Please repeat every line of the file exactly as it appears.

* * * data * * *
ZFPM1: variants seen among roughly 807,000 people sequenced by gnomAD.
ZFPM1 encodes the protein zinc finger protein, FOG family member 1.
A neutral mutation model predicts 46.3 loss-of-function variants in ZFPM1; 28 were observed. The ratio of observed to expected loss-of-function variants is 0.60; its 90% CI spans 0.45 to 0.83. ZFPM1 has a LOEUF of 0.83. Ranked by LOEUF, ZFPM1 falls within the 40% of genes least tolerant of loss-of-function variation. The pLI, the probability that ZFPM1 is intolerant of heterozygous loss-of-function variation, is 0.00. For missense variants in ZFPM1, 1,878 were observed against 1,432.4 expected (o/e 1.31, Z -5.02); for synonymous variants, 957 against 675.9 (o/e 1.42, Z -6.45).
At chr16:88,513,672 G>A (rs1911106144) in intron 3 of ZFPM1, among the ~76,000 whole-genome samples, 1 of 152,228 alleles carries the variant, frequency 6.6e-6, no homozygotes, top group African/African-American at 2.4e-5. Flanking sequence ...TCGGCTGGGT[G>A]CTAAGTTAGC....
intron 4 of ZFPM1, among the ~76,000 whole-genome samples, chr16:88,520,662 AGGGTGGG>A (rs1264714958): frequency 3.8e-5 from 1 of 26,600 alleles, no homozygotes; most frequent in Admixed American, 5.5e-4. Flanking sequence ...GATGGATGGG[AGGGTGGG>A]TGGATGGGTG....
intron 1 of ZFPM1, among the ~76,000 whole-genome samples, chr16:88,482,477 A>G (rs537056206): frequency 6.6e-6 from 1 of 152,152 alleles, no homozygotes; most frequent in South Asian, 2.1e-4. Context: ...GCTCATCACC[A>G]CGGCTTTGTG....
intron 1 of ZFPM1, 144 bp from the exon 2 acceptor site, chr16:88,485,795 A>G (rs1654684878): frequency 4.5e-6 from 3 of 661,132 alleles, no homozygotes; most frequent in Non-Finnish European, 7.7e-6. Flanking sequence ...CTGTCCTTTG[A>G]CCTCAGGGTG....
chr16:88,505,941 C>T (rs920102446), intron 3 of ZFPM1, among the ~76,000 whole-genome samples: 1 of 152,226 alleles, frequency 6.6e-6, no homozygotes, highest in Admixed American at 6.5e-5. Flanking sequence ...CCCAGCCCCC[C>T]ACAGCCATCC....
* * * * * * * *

ZFPM1: variants seen among roughly 807,000 people sequenced by gnomAD.
ZFPM1 encodes the protein zinc finger protein, FOG family member 1.
A neutral mutation model predicts 46.3 loss-of-function variants in ZFPM1; 28 were observed. The ratio of observed to expected loss-of-function variants is 0.60; its 90% CI spans 0.45 to 0.83. ZFPM1 has a LOEUF of 0.83. Ranked by LOEUF, ZFPM1 falls within the 40% of genes least tolerant of loss-of-function variation. The pLI, the probability that ZFPM1 is intolerant of heterozygous loss-of-function variation, is 0.00. For missense variants in ZFPM1, 1,878 were observed against 1,432.4 expected (o/e 1.31, Z -5.02); for synonymous variants, 957 against 675.9 (o/e 1.42, Z -6.45).
At chr16:88,513,672 G>A (rs1911106144) in intron 3 of ZFPM1, among the ~76,000 whole-genome samples, 1 of 152,228 alleles carries the variant, frequency 6.6e-6, no homozygotes, top group African/African-American at 2.4e-5. Flanking sequence ...TCGGCTGGGT[G>A]CTAAGTTAGC....
intron 4 of ZFPM1, among the ~76,000 whole-genome samples, chr16:88,520,662 AGGGTGGG>A (rs1264714958): frequency 3.8e-5 from 1 of 26,600 alleles, no homozygotes; most frequent in Admixed American, 5.5e-4. Flanking sequence ...GATGGATGGG[AGGGTGGG>A]TGGATGGGTG....
intron 1 of ZFPM1, among the ~76,000 whole-genome samples, chr16:88,482,477 A>G (rs537056206): frequency 6.6e-6 from 1 of 152,152 alleles, no homozygotes; most frequent in South Asian, 2.1e-4. Context: ...GCTCATCACC[A>G]CGGCTTTGTG....
intron 1 of ZFPM1, 144 bp from the exon 2 acceptor site, chr16:88,485,795 A>G (rs1654684878): frequency 4.5e-6 from 3 of 661,132 alleles, no homozygotes; most frequent in Non-Finnish European, 7.7e-6. Flanking sequence ...CTGTCCTTTG[A>G]CCTCAGGGTG....
chr16:88,505,941 C>T (rs920102446), intron 3 of ZFPM1, among the ~76,000 whole-genome samples: 1 of 152,226 alleles, frequency 6.6e-6, no homozygotes, highest in Admixed American at 6.5e-5. Flanking sequence ...CCCAGCCCCC[C>T]ACAGCCATCC....